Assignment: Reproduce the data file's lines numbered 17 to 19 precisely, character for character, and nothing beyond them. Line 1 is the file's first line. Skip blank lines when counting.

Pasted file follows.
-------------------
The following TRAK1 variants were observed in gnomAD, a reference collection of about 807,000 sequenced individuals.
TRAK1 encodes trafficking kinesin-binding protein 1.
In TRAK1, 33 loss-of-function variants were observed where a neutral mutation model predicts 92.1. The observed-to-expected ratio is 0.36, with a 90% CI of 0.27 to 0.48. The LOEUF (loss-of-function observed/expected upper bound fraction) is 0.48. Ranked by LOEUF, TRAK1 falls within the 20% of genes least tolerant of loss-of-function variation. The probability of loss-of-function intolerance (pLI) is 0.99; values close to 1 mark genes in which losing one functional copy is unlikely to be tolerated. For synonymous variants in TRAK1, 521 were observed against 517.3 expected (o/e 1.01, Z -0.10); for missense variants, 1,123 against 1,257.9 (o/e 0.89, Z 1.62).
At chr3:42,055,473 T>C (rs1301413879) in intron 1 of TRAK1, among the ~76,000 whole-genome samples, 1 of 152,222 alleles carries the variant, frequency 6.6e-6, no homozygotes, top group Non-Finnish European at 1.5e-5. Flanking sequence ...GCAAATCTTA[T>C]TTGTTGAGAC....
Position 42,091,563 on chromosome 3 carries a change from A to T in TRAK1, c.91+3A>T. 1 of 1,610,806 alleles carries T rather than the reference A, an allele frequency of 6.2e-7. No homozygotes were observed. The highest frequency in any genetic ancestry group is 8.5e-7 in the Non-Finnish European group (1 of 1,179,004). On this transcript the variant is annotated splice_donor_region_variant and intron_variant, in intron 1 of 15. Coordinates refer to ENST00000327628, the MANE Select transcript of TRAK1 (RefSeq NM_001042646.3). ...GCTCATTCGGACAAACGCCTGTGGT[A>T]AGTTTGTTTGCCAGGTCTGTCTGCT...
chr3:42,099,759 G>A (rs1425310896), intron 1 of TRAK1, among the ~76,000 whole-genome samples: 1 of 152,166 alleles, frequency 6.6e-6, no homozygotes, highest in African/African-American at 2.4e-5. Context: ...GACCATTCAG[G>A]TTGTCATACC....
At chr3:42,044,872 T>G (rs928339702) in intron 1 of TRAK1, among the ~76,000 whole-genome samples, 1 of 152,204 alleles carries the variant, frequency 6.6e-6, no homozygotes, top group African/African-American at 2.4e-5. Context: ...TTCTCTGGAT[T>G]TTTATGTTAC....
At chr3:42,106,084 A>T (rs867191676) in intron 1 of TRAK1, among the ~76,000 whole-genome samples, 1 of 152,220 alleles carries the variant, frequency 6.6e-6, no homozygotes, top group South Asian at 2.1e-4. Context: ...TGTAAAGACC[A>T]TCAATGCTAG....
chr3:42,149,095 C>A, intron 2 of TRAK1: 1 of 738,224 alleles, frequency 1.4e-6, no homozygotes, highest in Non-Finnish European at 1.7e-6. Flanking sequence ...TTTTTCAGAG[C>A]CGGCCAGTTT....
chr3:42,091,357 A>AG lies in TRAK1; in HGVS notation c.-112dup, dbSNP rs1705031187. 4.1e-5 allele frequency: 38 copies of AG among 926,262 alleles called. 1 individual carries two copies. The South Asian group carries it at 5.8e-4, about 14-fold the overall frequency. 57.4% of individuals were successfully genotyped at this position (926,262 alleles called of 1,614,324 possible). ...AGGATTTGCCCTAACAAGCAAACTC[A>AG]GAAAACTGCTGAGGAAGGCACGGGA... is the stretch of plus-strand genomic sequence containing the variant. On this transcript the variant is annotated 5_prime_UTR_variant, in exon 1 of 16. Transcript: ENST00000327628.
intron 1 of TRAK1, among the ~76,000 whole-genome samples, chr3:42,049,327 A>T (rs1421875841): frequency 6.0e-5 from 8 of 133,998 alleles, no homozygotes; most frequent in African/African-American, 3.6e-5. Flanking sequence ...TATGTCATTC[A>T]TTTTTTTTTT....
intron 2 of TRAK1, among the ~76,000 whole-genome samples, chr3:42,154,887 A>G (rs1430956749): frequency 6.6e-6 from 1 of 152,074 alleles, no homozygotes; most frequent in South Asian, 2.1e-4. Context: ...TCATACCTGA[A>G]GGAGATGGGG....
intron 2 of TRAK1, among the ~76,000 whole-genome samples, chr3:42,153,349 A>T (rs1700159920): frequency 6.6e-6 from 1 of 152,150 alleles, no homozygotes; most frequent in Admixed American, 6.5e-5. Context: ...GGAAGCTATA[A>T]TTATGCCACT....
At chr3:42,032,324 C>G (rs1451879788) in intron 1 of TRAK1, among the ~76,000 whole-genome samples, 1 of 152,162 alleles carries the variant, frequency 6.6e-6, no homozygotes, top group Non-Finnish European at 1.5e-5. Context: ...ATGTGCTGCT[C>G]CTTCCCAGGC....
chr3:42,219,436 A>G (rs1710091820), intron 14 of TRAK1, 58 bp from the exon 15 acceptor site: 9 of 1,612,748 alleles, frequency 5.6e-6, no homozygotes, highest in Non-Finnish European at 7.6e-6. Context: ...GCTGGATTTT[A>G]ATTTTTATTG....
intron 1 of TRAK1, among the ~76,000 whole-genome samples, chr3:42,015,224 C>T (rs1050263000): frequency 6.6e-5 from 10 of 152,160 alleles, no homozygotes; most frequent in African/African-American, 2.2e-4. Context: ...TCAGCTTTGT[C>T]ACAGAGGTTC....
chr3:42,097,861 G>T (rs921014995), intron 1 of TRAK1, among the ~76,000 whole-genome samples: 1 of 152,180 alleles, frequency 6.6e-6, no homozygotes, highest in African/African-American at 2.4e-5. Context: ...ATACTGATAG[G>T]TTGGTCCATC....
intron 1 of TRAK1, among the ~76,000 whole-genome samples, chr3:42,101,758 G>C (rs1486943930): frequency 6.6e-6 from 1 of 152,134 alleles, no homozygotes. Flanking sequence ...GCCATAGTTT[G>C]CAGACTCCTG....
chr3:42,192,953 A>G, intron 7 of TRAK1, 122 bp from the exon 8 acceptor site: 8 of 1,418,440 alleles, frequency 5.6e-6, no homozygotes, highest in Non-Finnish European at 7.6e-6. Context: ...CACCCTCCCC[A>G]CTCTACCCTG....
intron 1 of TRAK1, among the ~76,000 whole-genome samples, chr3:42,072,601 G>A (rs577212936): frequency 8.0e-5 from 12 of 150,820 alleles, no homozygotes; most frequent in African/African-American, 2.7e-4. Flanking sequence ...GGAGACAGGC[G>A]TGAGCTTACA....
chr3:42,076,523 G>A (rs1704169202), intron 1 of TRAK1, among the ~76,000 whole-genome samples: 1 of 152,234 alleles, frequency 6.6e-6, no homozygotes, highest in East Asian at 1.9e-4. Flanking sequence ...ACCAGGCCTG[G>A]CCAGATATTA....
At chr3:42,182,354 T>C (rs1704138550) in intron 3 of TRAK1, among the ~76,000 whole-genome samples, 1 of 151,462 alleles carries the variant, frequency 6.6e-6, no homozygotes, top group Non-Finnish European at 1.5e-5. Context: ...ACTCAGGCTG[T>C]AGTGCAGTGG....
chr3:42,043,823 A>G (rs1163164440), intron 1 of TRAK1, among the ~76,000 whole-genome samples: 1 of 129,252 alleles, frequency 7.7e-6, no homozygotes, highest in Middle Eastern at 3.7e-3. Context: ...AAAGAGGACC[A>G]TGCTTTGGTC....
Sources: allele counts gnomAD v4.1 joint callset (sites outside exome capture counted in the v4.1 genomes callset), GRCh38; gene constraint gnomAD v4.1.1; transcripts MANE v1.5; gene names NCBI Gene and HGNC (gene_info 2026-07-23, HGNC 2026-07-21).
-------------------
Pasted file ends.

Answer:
chr3:42,097,861 G>T (rs921014995), intron 1 of TRAK1, among the ~76,000 whole-genome samples: 1 of 152,180 alleles, frequency 6.6e-6, no homozygotes, highest in African/African-American at 2.4e-5. Context: ...ATACTGATAG[G>T]TTGGTCCATC....
intron 1 of TRAK1, among the ~76,000 whole-genome samples, chr3:42,101,758 G>C (rs1486943930): frequency 6.6e-6 from 1 of 152,134 alleles, no homozygotes. Flanking sequence ...GCCATAGTTT[G>C]CAGACTCCTG....
chr3:42,192,953 A>G, intron 7 of TRAK1, 122 bp from the exon 8 acceptor site: 8 of 1,418,440 alleles, frequency 5.6e-6, no homozygotes, highest in Non-Finnish European at 7.6e-6. Context: ...CACCCTCCCC[A>G]CTCTACCCTG....